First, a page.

Squaring Healthcare with the Economy

Leading versions of health care legislation before Congress this year remain more likely to weaken U.S. economic competitiveness, at the margin, than to improve it. The direct impact of higher health care costs on the competitiveness of U.S. businesses has been overstated by interest groups either looking to transfer their immediate burdens to others or to enact broader health policy agendas unrelated to competitiveness. Health benefits are largely substitutes for other forms of labor compensation.

Hence U.S. firms have performed well [in the past], despite rising levels of health care costs, because high levels of productivity and a favorable investment climate were (and remain) much more important factors in determining competitiveness. As CBO Director Douglas Elmendorf concluded in congressional testimony earlier this year, "[T]he costs of providing health insurance to their workers are not a competitive disadvantage for U.S.-based firms."

We should do better in improving the value of health care services. However, the pending bills mostly promise more care and more insurance, with little essential health reform in return. Partially shifting the high cost of health benefits from one set of pockets--employer payrolls--to the pockets of taxpayers (which include business firms and their customers)--will neither reduce their net claim on the overall economy nor strengthen incentives to produce better health outcomes at lower costs. The current bills unfortunately would set us back in that regard. Their most likely results would be further spikes upward in government spending, unfunded entitlement obligations, federal budget deficits, tax burdens, and regulatory drag on the economy; and tighter squeezes on investment, innovation, and human capital development. The legislation's complex, layered schemes of mandated costs, cross-subsidies, and taxes will discourage increased labor force participation, work effort, and job growth.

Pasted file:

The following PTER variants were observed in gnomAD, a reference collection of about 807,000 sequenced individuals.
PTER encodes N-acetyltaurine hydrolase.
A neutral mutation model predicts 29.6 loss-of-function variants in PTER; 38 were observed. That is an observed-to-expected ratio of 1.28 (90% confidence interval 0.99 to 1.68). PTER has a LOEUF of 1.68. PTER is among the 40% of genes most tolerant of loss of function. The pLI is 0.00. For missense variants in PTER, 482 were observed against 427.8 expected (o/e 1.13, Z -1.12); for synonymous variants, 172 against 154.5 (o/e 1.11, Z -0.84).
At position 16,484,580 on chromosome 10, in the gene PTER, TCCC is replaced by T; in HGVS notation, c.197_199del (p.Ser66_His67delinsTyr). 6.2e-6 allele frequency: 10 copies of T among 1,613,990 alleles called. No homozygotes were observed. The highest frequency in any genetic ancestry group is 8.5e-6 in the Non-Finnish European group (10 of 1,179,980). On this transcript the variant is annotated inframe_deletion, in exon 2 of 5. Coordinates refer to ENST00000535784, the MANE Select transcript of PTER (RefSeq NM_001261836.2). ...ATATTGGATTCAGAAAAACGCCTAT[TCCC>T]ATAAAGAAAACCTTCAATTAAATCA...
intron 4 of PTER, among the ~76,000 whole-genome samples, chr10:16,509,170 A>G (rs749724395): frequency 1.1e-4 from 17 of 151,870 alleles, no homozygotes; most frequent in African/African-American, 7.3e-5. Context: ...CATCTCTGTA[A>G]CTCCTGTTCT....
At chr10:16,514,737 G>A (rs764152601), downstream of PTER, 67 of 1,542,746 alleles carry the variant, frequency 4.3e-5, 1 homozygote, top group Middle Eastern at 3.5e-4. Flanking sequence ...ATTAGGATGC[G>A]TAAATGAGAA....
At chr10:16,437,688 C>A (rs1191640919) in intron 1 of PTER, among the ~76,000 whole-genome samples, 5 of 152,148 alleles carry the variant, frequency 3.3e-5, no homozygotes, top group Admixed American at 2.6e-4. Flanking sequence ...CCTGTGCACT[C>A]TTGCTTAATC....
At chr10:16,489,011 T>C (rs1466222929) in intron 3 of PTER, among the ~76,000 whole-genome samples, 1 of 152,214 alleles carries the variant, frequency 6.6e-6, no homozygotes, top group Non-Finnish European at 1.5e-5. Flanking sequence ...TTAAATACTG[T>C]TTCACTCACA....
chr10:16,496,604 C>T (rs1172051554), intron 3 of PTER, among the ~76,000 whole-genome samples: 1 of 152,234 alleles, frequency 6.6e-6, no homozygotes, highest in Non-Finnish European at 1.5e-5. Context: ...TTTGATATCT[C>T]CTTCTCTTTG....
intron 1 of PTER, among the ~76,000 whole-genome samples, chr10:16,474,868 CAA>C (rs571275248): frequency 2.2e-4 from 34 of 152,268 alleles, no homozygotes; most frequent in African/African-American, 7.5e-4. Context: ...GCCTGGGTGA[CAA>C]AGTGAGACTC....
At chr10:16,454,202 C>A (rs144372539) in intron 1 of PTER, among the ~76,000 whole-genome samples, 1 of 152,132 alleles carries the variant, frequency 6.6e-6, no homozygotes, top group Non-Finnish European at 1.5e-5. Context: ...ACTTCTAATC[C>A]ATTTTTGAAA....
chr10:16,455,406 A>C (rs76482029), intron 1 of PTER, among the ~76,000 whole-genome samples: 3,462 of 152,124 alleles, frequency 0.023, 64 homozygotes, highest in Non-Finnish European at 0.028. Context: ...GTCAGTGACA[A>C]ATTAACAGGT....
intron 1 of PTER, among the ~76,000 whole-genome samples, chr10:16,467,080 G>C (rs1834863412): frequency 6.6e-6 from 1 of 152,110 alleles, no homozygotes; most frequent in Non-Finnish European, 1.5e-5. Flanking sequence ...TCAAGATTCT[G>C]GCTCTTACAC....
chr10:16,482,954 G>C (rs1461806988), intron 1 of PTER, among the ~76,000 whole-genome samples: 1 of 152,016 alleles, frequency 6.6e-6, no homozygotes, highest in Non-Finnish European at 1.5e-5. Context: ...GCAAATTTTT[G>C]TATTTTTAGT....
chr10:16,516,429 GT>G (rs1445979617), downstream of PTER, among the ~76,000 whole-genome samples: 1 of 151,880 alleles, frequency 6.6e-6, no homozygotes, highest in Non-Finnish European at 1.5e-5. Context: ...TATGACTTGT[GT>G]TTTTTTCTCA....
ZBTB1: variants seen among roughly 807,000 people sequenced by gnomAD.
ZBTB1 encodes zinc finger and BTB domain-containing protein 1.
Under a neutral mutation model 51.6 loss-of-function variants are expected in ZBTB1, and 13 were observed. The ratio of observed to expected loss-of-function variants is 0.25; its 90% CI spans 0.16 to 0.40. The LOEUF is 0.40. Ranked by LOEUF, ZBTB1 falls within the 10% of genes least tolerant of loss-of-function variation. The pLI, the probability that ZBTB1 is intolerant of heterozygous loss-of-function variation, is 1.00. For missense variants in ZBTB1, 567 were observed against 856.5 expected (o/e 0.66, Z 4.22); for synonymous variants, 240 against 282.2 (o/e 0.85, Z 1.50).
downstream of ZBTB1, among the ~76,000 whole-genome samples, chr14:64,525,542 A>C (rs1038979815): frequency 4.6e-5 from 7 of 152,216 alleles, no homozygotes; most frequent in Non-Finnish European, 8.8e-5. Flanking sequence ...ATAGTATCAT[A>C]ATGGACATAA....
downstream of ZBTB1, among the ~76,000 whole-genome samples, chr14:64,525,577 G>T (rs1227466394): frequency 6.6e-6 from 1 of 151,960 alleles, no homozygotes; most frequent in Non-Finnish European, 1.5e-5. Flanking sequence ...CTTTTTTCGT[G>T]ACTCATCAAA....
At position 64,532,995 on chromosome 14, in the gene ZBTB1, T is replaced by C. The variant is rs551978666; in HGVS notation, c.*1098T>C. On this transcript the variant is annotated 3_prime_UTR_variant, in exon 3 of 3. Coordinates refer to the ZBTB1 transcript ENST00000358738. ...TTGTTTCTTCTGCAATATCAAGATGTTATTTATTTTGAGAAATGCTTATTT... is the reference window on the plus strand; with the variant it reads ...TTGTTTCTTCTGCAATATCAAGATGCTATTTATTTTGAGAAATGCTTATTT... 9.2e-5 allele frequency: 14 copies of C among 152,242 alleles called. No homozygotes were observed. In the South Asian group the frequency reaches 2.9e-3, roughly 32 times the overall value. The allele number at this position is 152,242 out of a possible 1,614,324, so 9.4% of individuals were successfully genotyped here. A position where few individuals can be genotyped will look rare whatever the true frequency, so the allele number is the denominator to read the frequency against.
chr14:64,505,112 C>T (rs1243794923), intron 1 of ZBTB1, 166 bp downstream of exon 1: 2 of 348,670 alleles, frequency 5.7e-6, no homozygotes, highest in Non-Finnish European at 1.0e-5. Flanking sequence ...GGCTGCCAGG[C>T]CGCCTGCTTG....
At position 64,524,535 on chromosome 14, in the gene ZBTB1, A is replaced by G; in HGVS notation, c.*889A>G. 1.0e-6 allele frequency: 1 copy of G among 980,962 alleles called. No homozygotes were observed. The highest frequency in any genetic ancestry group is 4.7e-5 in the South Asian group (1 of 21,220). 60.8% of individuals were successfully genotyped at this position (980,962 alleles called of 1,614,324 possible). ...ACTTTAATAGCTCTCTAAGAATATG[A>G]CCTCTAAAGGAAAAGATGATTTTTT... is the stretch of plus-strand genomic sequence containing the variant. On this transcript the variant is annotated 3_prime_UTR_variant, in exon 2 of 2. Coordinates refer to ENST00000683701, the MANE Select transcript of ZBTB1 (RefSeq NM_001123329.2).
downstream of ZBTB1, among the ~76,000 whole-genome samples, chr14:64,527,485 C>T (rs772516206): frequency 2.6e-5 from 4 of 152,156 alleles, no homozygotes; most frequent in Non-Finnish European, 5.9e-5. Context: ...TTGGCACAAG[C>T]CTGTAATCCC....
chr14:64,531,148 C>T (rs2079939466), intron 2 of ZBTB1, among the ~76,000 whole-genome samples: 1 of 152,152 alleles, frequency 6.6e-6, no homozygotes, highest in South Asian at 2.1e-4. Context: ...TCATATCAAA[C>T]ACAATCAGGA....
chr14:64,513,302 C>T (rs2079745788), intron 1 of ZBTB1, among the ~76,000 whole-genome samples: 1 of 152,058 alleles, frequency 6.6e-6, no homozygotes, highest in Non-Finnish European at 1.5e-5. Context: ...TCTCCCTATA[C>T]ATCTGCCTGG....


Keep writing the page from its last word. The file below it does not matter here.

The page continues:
To improve U.S. competitiveness in international markets, we need not only do less harm in "reforming" health care. We should focus on more important and effective policy levers involving taxes (particularly corporate rates), major entitlement programs, and our educational system, while curbing the public sector's overstimulated political appetites.

Thomas P. Miller is a resident fellow at AEI.

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